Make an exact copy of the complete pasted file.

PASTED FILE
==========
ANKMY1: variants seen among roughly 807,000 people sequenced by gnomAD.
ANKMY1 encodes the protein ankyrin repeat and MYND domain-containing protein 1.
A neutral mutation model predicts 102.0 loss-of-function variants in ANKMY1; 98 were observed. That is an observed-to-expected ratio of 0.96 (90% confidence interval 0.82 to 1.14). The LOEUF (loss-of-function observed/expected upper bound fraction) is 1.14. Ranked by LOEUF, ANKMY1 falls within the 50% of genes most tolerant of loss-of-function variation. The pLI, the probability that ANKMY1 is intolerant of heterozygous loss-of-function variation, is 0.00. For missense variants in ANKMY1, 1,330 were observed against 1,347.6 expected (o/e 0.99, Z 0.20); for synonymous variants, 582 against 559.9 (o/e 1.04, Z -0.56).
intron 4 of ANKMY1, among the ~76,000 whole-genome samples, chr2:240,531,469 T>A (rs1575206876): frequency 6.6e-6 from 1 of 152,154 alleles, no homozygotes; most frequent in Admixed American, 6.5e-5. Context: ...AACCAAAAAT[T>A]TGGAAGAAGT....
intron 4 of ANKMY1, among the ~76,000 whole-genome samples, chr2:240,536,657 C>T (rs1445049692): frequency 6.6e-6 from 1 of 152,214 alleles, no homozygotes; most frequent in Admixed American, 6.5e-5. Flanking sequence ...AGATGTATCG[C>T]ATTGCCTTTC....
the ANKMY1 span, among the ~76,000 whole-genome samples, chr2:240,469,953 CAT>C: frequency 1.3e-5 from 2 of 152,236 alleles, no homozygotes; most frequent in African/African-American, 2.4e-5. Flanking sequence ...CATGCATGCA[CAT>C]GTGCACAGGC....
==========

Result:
ANKMY1: variants seen among roughly 807,000 people sequenced by gnomAD.
ANKMY1 encodes the protein ankyrin repeat and MYND domain-containing protein 1.
A neutral mutation model predicts 102.0 loss-of-function variants in ANKMY1; 98 were observed. That is an observed-to-expected ratio of 0.96 (90% confidence interval 0.82 to 1.14). The LOEUF (loss-of-function observed/expected upper bound fraction) is 1.14. Ranked by LOEUF, ANKMY1 falls within the 50% of genes most tolerant of loss-of-function variation. The pLI, the probability that ANKMY1 is intolerant of heterozygous loss-of-function variation, is 0.00. For missense variants in ANKMY1, 1,330 were observed against 1,347.6 expected (o/e 0.99, Z 0.20); for synonymous variants, 582 against 559.9 (o/e 1.04, Z -0.56).
intron 4 of ANKMY1, among the ~76,000 whole-genome samples, chr2:240,531,469 T>A (rs1575206876): frequency 6.6e-6 from 1 of 152,154 alleles, no homozygotes; most frequent in Admixed American, 6.5e-5. Context: ...AACCAAAAAT[T>A]TGGAAGAAGT....
intron 4 of ANKMY1, among the ~76,000 whole-genome samples, chr2:240,536,657 C>T (rs1445049692): frequency 6.6e-6 from 1 of 152,214 alleles, no homozygotes; most frequent in Admixed American, 6.5e-5. Flanking sequence ...AGATGTATCG[C>T]ATTGCCTTTC....
the ANKMY1 span, among the ~76,000 whole-genome samples, chr2:240,469,953 CAT>C: frequency 1.3e-5 from 2 of 152,236 alleles, no homozygotes; most frequent in African/African-American, 2.4e-5. Flanking sequence ...CATGCATGCA[CAT>C]GTGCACAGGC....